I’d love to know what it is that spurs him on to the next stage. I have a theory about him only being able to work on one thing at a time. (The jury is still out on whether this is a Down syndrome thing or a male thing!). But once he masters one new thing, he very quickly learns two or three more.

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I shouldn’t be so impatient but as I start to see the gradual changes that are inching him closer to full language, I am getting excited about the conversations we might have. Earlier today I tried to put him down for a nap but he obviously had something on his mind. Continue reading

Life is therapy too…

I’d love to be that kind of mum you see online, who has shelves full of interesting things that enliven and inspire their kids….but I’m not. I gaze wistfully at photographs of clean children engaging with wide-eyed wonderment at the quaint, colour coordinated activities devised by their talented mothers. I have evil fantasies of the 1,647 other photos taken before they FINALLY got one that looks like the kid is…

a) actually using the activity and
b) enjoying themselves.
(Yes, I’m spiteful like that…)

Sensory buckets, cloud dough, button snakes, flash cards…..I’ve seen them all. I keep trying them every now and then but Wade just isn’t into structured games (that are my idea…)

Setting up an ‘invitation to play’ in our house is an invitation to walk right past it and play with the dog instead.

A sensory bucket would only evoke the sense of me swearing under my breath as I pick a thousand tiny pieces of lavender scented crap off the floor after Wade pushes it off the table and wanders off to see if there is an unattended butcher’s knife within arm’s reach on the bench.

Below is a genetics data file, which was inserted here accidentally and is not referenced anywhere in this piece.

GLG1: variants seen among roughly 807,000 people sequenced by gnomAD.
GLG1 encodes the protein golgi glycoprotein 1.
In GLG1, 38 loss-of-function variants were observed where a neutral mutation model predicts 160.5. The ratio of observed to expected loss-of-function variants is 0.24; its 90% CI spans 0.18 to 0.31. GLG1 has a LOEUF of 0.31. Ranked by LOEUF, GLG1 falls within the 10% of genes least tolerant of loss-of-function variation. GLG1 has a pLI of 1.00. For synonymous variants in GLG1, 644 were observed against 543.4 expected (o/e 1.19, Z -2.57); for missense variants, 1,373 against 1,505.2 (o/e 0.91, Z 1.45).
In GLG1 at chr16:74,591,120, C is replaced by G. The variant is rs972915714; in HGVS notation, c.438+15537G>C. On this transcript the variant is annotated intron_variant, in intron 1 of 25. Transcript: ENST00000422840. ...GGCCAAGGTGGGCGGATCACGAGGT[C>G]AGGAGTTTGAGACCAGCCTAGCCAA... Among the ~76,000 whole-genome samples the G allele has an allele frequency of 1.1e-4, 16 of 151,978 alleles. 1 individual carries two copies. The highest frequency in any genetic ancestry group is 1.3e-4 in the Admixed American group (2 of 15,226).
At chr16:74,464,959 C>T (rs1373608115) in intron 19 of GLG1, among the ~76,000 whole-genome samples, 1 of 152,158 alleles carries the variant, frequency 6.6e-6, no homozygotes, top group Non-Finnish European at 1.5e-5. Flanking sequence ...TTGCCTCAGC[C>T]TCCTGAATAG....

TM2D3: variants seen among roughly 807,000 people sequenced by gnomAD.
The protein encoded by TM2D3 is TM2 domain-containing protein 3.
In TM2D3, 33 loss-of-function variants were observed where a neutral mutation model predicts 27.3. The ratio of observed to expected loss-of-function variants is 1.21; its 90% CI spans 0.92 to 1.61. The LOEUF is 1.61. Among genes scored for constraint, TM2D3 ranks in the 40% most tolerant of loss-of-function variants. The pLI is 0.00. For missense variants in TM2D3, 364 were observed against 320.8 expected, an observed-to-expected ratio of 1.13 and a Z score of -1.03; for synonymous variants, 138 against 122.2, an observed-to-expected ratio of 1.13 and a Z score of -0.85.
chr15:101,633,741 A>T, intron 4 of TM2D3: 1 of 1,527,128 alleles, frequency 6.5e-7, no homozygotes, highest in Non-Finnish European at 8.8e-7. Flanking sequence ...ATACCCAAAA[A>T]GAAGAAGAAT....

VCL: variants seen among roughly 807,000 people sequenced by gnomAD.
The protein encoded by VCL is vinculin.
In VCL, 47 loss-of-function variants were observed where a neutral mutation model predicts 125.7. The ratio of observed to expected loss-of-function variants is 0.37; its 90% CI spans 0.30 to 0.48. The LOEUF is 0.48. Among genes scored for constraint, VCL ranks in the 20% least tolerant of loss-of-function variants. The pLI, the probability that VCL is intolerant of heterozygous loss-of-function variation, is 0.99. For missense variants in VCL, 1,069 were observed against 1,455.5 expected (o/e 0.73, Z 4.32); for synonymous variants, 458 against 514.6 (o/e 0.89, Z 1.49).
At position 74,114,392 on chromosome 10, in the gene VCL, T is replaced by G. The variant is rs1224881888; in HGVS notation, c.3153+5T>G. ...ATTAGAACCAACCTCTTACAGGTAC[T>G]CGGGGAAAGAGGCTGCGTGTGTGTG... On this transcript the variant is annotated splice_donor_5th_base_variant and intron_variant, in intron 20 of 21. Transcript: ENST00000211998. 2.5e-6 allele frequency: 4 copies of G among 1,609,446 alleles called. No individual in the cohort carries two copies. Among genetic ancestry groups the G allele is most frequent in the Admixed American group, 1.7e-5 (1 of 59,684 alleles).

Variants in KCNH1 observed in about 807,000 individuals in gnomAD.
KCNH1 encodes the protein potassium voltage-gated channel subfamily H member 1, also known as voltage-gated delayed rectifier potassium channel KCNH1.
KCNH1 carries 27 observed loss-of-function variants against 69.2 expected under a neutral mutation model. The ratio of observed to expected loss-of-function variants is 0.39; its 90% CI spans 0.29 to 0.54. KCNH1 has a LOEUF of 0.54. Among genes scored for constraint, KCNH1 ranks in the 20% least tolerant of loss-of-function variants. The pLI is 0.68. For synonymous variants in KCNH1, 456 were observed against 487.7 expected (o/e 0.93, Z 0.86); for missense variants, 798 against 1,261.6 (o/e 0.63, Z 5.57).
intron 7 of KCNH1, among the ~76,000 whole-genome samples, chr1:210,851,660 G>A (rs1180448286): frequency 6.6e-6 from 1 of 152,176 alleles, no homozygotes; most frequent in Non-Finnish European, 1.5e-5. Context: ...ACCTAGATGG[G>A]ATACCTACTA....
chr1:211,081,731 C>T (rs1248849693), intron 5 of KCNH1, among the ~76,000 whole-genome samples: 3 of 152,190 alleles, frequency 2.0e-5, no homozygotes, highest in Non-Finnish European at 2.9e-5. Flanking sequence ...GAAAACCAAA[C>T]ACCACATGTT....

Normally I wouldn’t care, but raising a child with developmental delay means I am an expert in Mother Guilt. The minute Wade was born, a small portion of my brain was set aside, devoted entirely to being preoccupied with ‘Therapy’. I can’t avoid it…it’s built in. The fact is, we know that kids with Down syndrome benefit enormously from regular physio, OT and speech therapy. We know that when we teach our kids things they learn and the earlier we start, the better the results. I know that with persistence, consistency and patience, Wade will develop all the skills he needs to be an independent, functioning member of society….it just takes more time.

It’s a common complaint from parents of a child with extra needs….they don’t feel as though they are getting enough therapy for their child. Either there are not enough services available or there never seems to be enough hours in the day to rush between physio appointments or speechie sessions especially if their child has extra health issues that mean doctors appointments as well. I used to send myself crazy worrying whether I was doing enough for Wade but I have come to a bit of a realisation. Continue reading

What did I expect?

I’ve kind of missed the boat recently on some of the controversies swirling around in the media relating to Down syndrome. There has been no shortage of blogger fodder for me to sink my teeth into but we have been away on holidays and I haven’t been in the right frame of mind to weigh in heavily on the issues. I tried writing bits and pieces here and there but between intermittent wifi and holiday distractions I couldn’t get going. I did read the hoopla surrounding the comments made by Richard Dawkins and managed to fire off this tweet….